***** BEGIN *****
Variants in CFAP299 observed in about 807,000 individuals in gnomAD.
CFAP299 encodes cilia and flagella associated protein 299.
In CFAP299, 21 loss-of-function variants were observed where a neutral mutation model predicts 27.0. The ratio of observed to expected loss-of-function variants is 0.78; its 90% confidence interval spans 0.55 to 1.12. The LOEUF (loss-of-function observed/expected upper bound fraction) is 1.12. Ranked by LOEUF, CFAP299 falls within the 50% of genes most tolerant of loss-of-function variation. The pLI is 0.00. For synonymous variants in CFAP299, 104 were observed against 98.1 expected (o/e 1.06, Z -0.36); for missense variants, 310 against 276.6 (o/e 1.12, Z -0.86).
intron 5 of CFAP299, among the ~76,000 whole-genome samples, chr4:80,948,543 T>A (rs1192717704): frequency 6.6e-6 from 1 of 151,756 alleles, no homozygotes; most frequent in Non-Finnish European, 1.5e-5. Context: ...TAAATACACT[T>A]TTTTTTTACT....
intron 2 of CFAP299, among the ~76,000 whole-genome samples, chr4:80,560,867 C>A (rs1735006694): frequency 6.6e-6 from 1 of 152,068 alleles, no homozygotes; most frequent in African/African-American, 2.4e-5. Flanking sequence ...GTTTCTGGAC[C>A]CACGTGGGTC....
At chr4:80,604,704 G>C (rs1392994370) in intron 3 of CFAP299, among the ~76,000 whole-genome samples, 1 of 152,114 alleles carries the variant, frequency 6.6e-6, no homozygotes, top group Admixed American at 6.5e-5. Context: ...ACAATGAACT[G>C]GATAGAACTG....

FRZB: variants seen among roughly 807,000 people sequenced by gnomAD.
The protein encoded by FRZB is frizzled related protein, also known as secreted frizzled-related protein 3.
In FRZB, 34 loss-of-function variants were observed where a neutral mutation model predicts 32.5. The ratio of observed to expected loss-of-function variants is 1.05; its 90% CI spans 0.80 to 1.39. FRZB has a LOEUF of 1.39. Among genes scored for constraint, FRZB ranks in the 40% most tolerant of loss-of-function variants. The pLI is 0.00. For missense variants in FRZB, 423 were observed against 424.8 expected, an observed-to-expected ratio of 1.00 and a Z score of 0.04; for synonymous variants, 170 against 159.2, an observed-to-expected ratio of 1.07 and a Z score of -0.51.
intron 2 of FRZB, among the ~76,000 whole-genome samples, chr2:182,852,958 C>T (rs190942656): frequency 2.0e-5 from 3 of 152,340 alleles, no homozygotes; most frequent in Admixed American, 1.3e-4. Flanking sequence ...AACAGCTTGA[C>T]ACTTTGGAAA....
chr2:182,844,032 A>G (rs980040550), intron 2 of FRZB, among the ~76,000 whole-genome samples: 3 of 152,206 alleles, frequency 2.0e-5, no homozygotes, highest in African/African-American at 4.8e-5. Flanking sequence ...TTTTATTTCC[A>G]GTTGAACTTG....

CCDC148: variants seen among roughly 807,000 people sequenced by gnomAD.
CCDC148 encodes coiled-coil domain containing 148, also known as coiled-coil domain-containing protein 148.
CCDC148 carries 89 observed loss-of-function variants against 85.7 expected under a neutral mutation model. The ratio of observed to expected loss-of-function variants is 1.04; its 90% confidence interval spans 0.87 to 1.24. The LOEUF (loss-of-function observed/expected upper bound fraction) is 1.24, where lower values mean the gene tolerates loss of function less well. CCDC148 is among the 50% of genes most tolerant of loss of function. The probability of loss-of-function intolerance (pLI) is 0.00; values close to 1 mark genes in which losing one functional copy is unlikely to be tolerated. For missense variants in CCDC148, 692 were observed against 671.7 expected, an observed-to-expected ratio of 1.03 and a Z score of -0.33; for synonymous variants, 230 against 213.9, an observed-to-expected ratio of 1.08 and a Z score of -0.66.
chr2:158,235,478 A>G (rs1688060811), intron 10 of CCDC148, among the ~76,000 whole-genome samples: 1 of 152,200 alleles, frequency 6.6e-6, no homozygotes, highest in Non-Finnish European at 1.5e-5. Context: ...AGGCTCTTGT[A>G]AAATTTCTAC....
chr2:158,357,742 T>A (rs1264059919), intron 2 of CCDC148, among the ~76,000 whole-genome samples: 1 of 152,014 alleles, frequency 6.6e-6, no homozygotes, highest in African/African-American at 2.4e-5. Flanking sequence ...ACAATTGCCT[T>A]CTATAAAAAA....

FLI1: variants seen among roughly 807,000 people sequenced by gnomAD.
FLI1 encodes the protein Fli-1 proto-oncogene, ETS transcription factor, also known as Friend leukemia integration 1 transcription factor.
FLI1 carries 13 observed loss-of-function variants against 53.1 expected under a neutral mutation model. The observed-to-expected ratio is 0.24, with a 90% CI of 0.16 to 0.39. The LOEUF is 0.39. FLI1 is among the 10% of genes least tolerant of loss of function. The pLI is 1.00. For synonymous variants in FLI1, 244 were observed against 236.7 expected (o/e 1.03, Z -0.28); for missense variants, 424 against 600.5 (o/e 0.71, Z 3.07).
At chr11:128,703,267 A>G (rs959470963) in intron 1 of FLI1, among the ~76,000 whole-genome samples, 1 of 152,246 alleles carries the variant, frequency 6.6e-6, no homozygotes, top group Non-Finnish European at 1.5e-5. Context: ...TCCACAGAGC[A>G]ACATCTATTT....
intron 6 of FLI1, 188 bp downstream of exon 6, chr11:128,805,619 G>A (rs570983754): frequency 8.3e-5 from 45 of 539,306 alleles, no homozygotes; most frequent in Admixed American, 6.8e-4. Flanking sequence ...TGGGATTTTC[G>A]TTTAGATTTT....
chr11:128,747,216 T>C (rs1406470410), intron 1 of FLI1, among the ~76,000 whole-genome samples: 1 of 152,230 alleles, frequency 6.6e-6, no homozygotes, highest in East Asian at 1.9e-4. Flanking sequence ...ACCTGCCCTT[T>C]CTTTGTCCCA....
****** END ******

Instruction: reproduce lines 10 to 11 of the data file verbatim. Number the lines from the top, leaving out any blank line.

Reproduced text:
intron 2 of FRZB, among the ~76,000 whole-genome samples, chr2:182,852,958 C>T (rs190942656): frequency 2.0e-5 from 3 of 152,340 alleles, no homozygotes; most frequent in Admixed American, 1.3e-4. Flanking sequence ...AACAGCTTGA[C>T]ACTTTGGAAA....
chr2:182,844,032 A>G (rs980040550), intron 2 of FRZB, among the ~76,000 whole-genome samples: 3 of 152,206 alleles, frequency 2.0e-5, no homozygotes, highest in African/African-American at 4.8e-5. Flanking sequence ...TTTTATTTCC[A>G]GTTGAACTTG....